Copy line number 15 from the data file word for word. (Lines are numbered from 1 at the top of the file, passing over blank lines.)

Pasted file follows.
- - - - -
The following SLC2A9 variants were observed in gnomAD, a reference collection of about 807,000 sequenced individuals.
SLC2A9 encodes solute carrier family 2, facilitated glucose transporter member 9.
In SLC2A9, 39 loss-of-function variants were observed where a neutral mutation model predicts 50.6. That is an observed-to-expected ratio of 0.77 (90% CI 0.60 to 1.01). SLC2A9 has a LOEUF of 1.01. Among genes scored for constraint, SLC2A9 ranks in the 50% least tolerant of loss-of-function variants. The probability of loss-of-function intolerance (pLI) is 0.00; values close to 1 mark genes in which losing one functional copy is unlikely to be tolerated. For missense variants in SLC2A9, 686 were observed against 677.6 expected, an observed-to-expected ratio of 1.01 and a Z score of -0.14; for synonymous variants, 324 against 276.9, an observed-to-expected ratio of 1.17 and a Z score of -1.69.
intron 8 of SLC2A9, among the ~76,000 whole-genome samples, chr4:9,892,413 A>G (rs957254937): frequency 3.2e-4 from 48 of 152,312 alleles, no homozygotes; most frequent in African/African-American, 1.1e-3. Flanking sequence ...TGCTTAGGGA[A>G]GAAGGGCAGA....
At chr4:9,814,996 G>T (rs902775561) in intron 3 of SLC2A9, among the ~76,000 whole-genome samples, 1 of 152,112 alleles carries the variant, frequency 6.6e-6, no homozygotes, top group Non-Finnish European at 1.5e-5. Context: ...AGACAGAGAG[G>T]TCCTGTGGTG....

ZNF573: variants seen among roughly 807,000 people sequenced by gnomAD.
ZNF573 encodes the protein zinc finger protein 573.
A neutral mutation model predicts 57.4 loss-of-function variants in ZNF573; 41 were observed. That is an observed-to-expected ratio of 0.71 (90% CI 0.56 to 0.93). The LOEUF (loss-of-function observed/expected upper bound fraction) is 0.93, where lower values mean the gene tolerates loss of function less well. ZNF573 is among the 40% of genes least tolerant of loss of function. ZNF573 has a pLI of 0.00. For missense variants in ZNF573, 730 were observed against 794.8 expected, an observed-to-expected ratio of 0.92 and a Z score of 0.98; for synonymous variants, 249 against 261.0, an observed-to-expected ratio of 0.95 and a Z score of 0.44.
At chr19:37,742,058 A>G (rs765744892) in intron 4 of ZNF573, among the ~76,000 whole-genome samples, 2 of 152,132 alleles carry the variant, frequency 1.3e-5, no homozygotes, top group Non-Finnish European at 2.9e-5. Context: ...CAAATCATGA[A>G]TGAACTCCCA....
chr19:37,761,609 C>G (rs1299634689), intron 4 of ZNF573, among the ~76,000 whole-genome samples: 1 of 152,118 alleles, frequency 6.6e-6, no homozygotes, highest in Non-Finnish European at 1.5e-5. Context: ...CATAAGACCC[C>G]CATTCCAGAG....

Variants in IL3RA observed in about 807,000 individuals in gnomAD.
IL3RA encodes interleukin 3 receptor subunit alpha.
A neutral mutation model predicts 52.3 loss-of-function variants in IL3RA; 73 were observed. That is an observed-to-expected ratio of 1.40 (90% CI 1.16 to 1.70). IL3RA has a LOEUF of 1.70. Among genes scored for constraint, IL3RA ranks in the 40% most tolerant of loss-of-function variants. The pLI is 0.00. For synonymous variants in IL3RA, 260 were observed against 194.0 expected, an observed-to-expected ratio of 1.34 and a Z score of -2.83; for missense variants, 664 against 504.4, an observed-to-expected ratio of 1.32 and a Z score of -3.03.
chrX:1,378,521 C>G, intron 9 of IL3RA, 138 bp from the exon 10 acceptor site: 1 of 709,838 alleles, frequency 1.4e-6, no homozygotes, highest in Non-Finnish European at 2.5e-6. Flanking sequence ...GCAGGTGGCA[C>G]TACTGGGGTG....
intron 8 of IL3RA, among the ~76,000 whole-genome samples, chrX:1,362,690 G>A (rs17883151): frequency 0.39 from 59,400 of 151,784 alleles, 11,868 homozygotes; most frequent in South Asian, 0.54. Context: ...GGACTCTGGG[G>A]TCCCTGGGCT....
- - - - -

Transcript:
intron 8 of IL3RA, among the ~76,000 whole-genome samples, chrX:1,362,690 G>A (rs17883151): frequency 0.39 from 59,400 of 151,784 alleles, 11,868 homozygotes; most frequent in South Asian, 0.54. Context: ...GGACTCTGGG[G>A]TCCCTGGGCT....